throbbing in the obscurity of interior rooms.

And I say ‘words’ because
I don’t know what thing to call
the world’s muteness.

And I say ‘meaning’ choked
by the thought
trying to breathe
as the heart punches me,
now that the house crumbles
on all possible words.

2.

Soon I’ll leave again
and walk through deserts and disasters
and through exasperated readings and citations,
between words, without anyone real to await me or open me the door.

Dinner will go cold on the table,
my books will despair
and there will be no meaning that comfort them
and my name, if it have a name, will not answer me.

And yet a trickle of time or a trickle of blood,
or else something even less palpable,
what broke and what remained returning each to the other
through endless galleries and disfigured dreams,
absent one from the other, disappearing one into another
the way water spends itself at a well’s bottom.

3.

There is in this a sleepless meaning, a silent inhabitant
walking ahead of our steps,
sleeping in bed next to us,
we eat its food, our own words do not belong to us,

a house inside a house,
a living and palpable thing like a blind man’s home address
touching us gently with fear of waking us up.

One day he’ll be the one giving us his hand
and leading us through interior passageways
into the house,
where we tiredly wait for so long.

4.

Don’t open the door,
if it’s the sublime say I’m not home,
we already have too many words, too many feelings.

The wisteria did not bloom this year,
it used to bloom around
all the remains of blue around us,
it wizened, it’s animated only by the wish of returning home, of being a home.

Cats

There’s a unique and secret god
in every indefinite cat
governing a fleeting world
where we’re passing through

A god who shelters us
in his vast chambers
of nerves, absences, presentiments,
and who from afar observes us

We’re intruders, amicable barbarians,
and compassionate the god
permits us to serve him
and the illusion that we touch him

Books

So is this a book,
this, how to say it?, murmur,
this face turned into some
dark thing that doesn’t yet exist
that, if a suddenly
Innocent hand touches it,
opens up helplessly
like a mouth
speaking with our voice?
Is this a book,
this sort of heart (our own heart)
saying ‘I’ between us and us?

Report

It’s a small world,
inhabited by small animals
– doubt, the possibility of death –
and illuminated by the hesitant light of

small stars – the rumor of books,
your steps climbing the stairs,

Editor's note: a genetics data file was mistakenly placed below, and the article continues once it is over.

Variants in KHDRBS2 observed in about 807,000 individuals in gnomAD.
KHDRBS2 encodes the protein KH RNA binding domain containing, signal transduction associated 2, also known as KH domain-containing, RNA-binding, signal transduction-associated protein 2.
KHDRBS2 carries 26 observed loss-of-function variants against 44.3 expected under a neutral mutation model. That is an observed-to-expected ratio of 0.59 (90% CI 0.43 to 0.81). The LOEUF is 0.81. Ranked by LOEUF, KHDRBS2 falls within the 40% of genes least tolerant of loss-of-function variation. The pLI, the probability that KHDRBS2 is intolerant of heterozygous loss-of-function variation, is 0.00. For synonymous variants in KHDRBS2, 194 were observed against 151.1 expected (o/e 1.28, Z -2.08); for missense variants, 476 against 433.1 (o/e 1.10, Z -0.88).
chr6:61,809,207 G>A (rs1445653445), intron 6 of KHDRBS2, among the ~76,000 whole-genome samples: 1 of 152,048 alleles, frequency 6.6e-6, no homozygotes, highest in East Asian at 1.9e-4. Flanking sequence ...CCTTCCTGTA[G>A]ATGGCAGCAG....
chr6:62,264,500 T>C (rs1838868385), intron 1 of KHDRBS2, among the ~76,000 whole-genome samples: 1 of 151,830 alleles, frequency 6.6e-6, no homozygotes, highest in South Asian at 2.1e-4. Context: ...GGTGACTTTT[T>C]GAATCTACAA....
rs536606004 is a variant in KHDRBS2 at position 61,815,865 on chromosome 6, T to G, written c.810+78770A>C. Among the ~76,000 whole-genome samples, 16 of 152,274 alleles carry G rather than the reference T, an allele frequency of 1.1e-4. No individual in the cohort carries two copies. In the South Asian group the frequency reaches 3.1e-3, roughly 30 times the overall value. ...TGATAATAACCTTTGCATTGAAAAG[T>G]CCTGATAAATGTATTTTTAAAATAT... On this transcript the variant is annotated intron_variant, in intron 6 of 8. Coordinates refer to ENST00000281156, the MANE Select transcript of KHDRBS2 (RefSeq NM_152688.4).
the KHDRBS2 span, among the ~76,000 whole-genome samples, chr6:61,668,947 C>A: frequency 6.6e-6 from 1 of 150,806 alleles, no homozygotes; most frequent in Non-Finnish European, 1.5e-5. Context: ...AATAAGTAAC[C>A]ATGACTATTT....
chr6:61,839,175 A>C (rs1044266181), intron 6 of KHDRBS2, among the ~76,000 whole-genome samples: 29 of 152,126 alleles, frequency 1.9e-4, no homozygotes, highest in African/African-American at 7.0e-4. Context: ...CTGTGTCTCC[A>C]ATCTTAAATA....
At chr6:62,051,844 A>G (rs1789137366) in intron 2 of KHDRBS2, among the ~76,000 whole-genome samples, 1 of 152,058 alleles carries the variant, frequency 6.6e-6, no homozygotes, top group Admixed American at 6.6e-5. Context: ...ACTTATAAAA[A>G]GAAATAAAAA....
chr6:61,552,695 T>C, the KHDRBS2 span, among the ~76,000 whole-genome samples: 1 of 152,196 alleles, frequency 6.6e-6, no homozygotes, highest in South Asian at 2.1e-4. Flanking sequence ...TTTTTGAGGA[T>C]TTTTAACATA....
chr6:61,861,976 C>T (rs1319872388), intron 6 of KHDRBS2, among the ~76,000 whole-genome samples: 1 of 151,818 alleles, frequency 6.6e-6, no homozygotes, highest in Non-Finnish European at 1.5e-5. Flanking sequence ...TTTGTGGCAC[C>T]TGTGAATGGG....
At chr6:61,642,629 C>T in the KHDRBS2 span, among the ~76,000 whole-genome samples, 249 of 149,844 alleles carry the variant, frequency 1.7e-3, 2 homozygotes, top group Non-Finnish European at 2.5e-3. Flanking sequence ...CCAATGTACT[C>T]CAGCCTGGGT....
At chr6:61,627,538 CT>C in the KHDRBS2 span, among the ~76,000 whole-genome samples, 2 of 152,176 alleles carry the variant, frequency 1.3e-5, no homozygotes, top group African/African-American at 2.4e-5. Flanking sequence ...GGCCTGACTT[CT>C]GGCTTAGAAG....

the cat chasing across the room
the afternoon’s last sunray.

A house – that’s a better name for it,
a bit higher than an empire,
and a bit more indecipherable
than the word house; it doesn’t glitter.

Some nights, though,
it comes out of itself and of me
and stays suspended outside
between memory and the remorse of another life.

Then, with the lights out,
I hear voices calling,
dead words never uttered,
and the endless agony of finished things.

The second cat

In each cat, another cat
a bit less exact
and a bit less opaque.

A cat incoincidental
with the cat, iridescent,
walking in front of it

or by its side,
winged spirit
of what is earthly in the cat.

It’s the second cat
who remained awaken
with the cat sunk

in abstract sleep,
coiled up by its feet,
a sort of cat’s cat.

Or which, lazy,
ambles about the room
while the cat cleans itself up,
sometimes surging
in the cat’s eyes
something of an immobile and

jailed past.
The cat itself
doesn’t know

that something there
walks around that fits
neither inside nor outside itself.

Pining with pain for prose

Poetry, pinning with pain for prose;
I wrote ‘you’, I wrote ‘rose’,
but nothing to me pertained,

neither the world past my nose
nor memory,
what it ignored or what it had attained.

And if I returned
through the same path
I learned

nothing but words,
and empty places:
symbols, metaphors,

the river was not the river
nor did it flow and death itself
was a matter of style.

Where had I already read
what I felt, even
my alien melancholy?

To a young poet

Seek the rose.
Wherever it be
you’re outside
yourself. Seek it in prose, it may be

that in prose it flourish
still, under so many a
metaphor; it may be, and that when
you see yourself in it you recognize

yourself as if before an initial
childhood by no word
and by no memory
unclouded.

You may perhaps then
write without why
– a renewed evidence of Reason
and a passageway into what is not seen.

String theory

That’s not what I meant to say,
I meant to say that in the soul
(you’re the one who mentioned the soul),
down in the soul and down
in the idea of the soul, there’s perhaps
some vibrating physical music
that only Mathematics listens to,
the same symmetric music danced by
the room, silence,
memory, my waking voice,
your hand that let the book fall
on the bed, your dream, the dreamt thing;
and the meaning that all of this may have
- is being thusly and not differently,
an emptiness in the emptiness, vaguely aware
of itself, neither answer
nor secret existing.

All the Words

The ones that I searched for in vain,
especially the ones that were really close,
like a breathing,
and I didn’t recognize,
or that gave up and
left forever,
leaving in the poem a sort of sorrow
like an unpresent watermark;
the ones (do you remember?) I wasn’t able to tell you
nor were they able to tell me;
the ones I shut for being too soon,
and the ones I shut for being too late,
and now, without time, burning in me;
the ones I replaced with others (how can I
forget them untangling themselves slowly from me?);
the ones I lost, verbs and
nouns by which
the world for a moment was made,
and away they went taking with them the world.
And also those that stayed,
out of exhaustion, inertia, chance,
and with which, like old lovers without
desire, I now unravel memories,
my final words.